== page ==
Granny coaches van Niek­erk to vic­tory

Lesotho Times - - Sport -

RIO DE JANEIRO — She’s a 74-year-old vet­eran coach, whose phi­los­o­phy is you’re never too old to learn.

South Africa’s Wayde van Niek­erk sen­sa­tion­ally won Olympic 400-me­ter gold at Rio 2016 — smash­ing Michael John­son’s 17-yearold record along the way — and he has his coach Anna Botha to thank.

The 74-year-old coach’s phi­los­o­phy is all about dis­ci­pline and hard work, al­beit leav­ened by laugh­ter.

“You are never too old to learn,” Botha — a great-grand­mother of four with a neat wave of white hair — told the IAAF web­site of her coach­ing con­vic­tions — and that’s the prin­ci­ple she ap­plied to turn­ing Van Niek­erk into an Olympic cham­pion.

The 24-year-old started work­ing with Botha af­ter the last Olympic cy­cle in 2012 when he be­gan his stud­ies at the Univer­sity of the Free State in Bloem­fontein. She’s been the head coach of track and field there since 1990.

A for­mer sprinter and long jumper, Botha im­me­di­ately set about switch­ing his fo­cus from the 200m to 400m to pro­tect him against per­sis­tent in­juries, and the times steadily be­gan to tum­ble.

In 2013, Van Niek­erk’s best time over the one-lap sprint was 45.09 sec­onds; when he won his first ma­jor medal at the 2015 World Cham­pi­onships it had dropped to 43.48; and in Brazil, he shat­tered John­son’s world record in a stun­ning 43.03s.

Van Niek­erk cred­ited Botha’s regime on Fox Sports af­ter his win: “She’s re­ally kept me very dis­ci­plined on the goal and wherere I need to be.

“I’m re­ally grate­ful I can go on the track­ack and say my coach has pushed me to reach ev­ery level and be­lieve any­thing is pos­si­ble.

“She’s an amaz­ing woman. She’s played da a huge role in what I am to­day.”

Botha, who is af­fec­tion­ately called ‘ Tanan­nie Ans’ by her ath­letes, be­gan her coaching­ing ca­reer train­ing her daugh­ter Herma in her home­land of Namibia, but soon had a growow­ing brood of ath­letes.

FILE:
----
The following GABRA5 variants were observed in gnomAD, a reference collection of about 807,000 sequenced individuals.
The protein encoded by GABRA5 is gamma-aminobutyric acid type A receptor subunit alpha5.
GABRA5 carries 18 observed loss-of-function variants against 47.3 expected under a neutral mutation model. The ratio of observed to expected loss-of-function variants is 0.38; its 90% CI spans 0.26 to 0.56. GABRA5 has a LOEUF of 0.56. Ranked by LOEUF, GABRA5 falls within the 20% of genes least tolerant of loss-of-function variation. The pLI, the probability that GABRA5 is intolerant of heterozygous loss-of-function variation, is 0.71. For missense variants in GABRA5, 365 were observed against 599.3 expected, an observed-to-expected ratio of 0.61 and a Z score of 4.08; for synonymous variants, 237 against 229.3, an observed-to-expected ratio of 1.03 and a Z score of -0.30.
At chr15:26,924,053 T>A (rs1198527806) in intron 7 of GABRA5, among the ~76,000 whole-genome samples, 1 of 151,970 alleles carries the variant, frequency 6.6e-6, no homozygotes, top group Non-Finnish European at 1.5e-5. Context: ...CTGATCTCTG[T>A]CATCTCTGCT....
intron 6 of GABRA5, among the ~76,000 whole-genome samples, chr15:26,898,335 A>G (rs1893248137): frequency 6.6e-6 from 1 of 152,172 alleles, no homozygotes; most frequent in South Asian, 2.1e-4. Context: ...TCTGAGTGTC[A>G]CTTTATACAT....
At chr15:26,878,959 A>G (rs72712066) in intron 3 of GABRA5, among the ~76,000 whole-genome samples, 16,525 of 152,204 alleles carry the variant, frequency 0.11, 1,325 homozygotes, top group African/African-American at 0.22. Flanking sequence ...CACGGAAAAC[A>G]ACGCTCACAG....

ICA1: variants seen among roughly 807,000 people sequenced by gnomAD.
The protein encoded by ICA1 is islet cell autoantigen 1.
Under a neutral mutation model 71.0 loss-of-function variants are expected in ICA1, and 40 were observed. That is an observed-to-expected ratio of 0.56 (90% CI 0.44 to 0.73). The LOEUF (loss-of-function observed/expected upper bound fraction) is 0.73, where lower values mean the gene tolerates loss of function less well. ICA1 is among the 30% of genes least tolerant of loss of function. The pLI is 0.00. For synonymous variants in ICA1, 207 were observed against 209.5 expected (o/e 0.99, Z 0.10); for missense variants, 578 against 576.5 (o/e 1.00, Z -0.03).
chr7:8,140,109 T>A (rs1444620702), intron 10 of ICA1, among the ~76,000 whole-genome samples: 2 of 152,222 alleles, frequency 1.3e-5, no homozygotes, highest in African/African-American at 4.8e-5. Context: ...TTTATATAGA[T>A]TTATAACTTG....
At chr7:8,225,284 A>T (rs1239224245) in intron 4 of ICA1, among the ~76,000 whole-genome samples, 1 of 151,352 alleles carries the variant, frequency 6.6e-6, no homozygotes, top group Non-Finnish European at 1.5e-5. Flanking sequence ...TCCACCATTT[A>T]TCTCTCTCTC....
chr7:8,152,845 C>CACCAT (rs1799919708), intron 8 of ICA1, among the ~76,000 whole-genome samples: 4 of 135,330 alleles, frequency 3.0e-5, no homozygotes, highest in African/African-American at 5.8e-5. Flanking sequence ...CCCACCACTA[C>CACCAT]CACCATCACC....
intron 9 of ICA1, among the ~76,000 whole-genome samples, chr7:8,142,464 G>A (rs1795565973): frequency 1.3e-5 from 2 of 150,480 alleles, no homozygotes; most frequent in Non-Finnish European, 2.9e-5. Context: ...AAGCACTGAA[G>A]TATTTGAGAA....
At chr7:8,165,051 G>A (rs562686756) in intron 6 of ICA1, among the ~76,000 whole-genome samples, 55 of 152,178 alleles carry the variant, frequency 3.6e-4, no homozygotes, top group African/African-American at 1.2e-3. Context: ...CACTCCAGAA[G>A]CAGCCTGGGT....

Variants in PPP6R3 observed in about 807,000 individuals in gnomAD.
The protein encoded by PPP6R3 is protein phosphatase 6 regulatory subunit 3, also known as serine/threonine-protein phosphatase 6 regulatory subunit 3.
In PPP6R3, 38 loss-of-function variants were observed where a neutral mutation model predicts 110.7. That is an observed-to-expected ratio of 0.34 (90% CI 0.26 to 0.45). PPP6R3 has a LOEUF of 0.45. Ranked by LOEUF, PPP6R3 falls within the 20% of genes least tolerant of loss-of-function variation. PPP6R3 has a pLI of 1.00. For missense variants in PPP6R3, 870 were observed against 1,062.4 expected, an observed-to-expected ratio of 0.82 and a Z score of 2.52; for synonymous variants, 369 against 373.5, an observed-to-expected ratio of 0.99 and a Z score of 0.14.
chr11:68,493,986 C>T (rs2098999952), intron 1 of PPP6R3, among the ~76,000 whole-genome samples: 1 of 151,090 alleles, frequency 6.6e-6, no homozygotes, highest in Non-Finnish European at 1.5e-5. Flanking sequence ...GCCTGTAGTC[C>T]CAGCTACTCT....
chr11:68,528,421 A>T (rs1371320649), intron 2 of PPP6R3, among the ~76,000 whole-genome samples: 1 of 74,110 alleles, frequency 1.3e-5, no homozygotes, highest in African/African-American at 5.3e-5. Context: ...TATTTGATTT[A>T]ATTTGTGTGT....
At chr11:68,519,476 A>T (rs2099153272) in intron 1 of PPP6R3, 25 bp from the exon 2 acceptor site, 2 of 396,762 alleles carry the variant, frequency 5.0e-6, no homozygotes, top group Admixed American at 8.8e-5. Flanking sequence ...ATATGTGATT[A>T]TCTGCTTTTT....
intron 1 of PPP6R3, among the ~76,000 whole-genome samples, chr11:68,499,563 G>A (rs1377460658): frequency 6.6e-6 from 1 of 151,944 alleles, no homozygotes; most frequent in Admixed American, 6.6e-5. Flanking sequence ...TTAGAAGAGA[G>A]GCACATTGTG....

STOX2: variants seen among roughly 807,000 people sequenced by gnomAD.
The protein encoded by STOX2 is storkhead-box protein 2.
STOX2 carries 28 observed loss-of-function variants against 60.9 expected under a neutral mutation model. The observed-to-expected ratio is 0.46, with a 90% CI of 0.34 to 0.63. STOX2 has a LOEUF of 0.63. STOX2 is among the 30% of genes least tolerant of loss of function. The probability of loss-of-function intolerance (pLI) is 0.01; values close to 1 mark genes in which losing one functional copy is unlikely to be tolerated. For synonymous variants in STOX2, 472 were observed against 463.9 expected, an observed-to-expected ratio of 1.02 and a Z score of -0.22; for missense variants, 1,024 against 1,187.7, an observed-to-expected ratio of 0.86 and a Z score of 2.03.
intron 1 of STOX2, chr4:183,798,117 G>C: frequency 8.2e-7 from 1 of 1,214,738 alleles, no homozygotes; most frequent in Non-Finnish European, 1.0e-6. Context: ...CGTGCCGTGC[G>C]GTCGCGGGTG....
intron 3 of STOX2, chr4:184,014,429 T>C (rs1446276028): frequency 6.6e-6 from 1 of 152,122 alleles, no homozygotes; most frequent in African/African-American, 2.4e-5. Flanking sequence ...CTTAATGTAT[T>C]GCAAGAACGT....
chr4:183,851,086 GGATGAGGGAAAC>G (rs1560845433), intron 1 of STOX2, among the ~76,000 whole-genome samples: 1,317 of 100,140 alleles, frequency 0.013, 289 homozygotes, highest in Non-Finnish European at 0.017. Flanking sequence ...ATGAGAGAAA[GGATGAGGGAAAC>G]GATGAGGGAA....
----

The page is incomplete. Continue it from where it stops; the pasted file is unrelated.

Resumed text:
Her fam­ily moved to Bloem­fontein in the late 1980s and it was there her coach­ing ca­reer went from strength to strength. Bothatha re­gards the se­cret to her suc­cess as pray­ing, ng, “be­cause I am un­able to do it on my own.”

There may be 50 years be­tween them but Van Niek­erk and Botha have found a par­tart­ner­ship of per­son­al­i­ties that works.

“I dearly love all my ath­letes but it’s aboutout be­ing strict,” ex­plained Botha, who also be­lieves fe­male coaches can of­fer “some­thing­ing dif­fer­ent psy­cho­log­i­cally.”

She added: “We can laugh, but when we have to work hard, we work hard.”

Botha was sat in the stands at Rio’s Olymympic Sta­dium to watch her star pupil lead­ead from the gun to the line, run­ning blind in the out­side lane eight, to win his first Olympicpic medal.

“I thought some­one was go­ing to catch me, be­cause I felt very alone and I was like ‘what’s go­ing on, what’s go­ing on?’“Vanan Niek­erk told re­porters in Rio. “It gave me so much mo­ti­va­tion to keep push­ing.

“I be­lieve in my­self as an ath­lete and I be­lieve in my abil­i­ties,” he added. “God just showed how faith­ful he’s been in my life and I’m very grate­ful for the con­tin­u­ous bless­ing.”

The 24-year-old ran his own re­mark­able race in Rio and maybe that’s be­cause great- grandma knows best. — CNN

anna Botha is coach of 400-me­ter gold medal­ist and new world record holder Wayde van niek­erk.

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